The FOMC cut rates 25 bps at its policy meeting today. We think that the committee will opt to keep rates on hold in December, but we look for one more 25 bps rate cut early next year.

FOMC Cuts Rates 25 bps

As widely expected, the Federal Open Market Committee (FOMC) decided at its policy meeting today to reduce its target range for the fed funds rate 25 bps. The lower bound is now 1.50% and the upper bound now stands at 1.75%. The FOMC has now reduced its target range 75 bps since July (top chart). As in the two previous policy meetings, the presidents of the Boston and Kansas City Federal Reserve Banks dissented, preferring to leave rates unchanged.

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The statement that was released after today’s FOMC meeting is almost identical to the statement following the September 18 meeting. Specifically, the committee characterized the labor market as “strong” at present, and it said that “economic activity has been rising at a moderate rate.” Indeed, data released earlier today showed that real GDP in Q3-2019 grew 1.9% (annualized) on a sequential basis and 2.0% on a year-over-year basis. (See our report for further details).

But the FOMC also noted that both the overall rate and the core rate of consumer price inflation are running below two percent, which is the Fed’s target, and that “market-based measures of inflation compensation” (i.e., inflation expectations) “remain low.” The committee vowed to “continue to monitor the implications of incoming information for the economic outlook as it assesses the appropriate path of the target range for the federal funds rate.” In other words, the FOMC does not appear to have a preconceived notion of how policy should evolve from here.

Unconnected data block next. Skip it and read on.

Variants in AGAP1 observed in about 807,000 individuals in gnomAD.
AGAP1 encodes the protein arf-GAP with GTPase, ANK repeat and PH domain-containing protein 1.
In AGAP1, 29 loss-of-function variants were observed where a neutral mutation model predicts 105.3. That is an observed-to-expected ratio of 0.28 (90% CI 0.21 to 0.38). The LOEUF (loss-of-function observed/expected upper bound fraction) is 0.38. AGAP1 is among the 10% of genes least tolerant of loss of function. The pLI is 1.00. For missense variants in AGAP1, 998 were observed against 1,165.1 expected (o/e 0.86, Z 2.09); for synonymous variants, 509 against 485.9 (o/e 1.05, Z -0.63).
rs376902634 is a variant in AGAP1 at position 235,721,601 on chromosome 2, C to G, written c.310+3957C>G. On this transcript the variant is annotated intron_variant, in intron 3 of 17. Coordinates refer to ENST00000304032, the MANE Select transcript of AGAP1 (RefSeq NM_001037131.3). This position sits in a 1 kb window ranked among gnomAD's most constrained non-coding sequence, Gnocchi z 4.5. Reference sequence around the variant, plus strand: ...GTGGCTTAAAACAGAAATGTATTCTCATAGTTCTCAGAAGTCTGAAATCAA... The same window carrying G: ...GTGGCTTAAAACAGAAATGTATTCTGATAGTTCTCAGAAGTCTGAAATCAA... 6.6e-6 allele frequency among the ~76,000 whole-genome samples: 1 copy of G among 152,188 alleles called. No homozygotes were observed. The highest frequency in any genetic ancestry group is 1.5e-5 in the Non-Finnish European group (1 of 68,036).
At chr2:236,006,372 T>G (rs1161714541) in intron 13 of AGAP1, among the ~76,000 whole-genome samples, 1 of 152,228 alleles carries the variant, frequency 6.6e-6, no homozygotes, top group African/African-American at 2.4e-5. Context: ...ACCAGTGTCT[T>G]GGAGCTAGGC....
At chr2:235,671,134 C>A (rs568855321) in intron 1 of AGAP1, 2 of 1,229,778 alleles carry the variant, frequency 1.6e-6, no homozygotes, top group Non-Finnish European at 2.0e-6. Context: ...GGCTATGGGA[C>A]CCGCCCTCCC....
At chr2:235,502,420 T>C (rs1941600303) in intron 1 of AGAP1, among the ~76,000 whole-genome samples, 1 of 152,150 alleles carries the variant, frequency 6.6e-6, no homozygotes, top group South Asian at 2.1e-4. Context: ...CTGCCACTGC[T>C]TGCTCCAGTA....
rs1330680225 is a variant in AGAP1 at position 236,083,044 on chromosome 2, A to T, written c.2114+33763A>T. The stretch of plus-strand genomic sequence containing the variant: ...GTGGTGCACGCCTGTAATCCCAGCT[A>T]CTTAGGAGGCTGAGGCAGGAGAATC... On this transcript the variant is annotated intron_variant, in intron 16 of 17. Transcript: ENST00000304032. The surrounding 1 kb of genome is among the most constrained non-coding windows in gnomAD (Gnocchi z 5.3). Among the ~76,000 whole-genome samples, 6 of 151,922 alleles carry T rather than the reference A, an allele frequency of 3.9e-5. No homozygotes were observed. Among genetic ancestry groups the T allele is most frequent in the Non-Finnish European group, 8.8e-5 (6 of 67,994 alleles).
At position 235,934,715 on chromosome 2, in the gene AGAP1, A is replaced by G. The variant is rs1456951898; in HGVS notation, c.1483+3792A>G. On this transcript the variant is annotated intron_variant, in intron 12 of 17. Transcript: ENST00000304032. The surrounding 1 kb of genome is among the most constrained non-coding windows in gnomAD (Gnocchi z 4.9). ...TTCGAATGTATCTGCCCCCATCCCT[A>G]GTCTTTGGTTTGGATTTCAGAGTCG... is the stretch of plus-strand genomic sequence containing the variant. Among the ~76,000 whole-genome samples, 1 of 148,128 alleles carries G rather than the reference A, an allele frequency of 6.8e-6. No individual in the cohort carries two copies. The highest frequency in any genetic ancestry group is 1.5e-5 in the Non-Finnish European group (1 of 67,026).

We Look for FOMC to Take a Pass in December

So the question now is what does the FOMC do next? In our view, the committee is in “wait-and-see” mode and will opt to leave rates unchanged at its December 11 policy meeting. The FOMC has cut rates 75 bps since July, and a pause may be warranted to assess how the economy is responding to the delayed effects of previous easing. Moreover, the continued dissents indicate that the committee is not unified in the belief that additional easing is necessary at this time.

That said, we believe the FOMC is not done cutting rates yet. As noted above, the economy expanded only 1.9% in Q3-2019, and we project that real GDP will again grow at a sub-2% rate in Q4 (middle chart). In conjunction with an inflation rate that is having difficulty edging above 2% on a sustained basis (bottom chart), we think the committee will decide to cut rates early next year (most likely at the January 29 meeting). If, as we forecast, real GDP growth edges a bit higher later next year, then we think the committee will decide that no further easing is needed. But we also think that the FOMC will refrain from raising rates for the foreseeable future. In other words, interest rates likely will remain low for quite some time.

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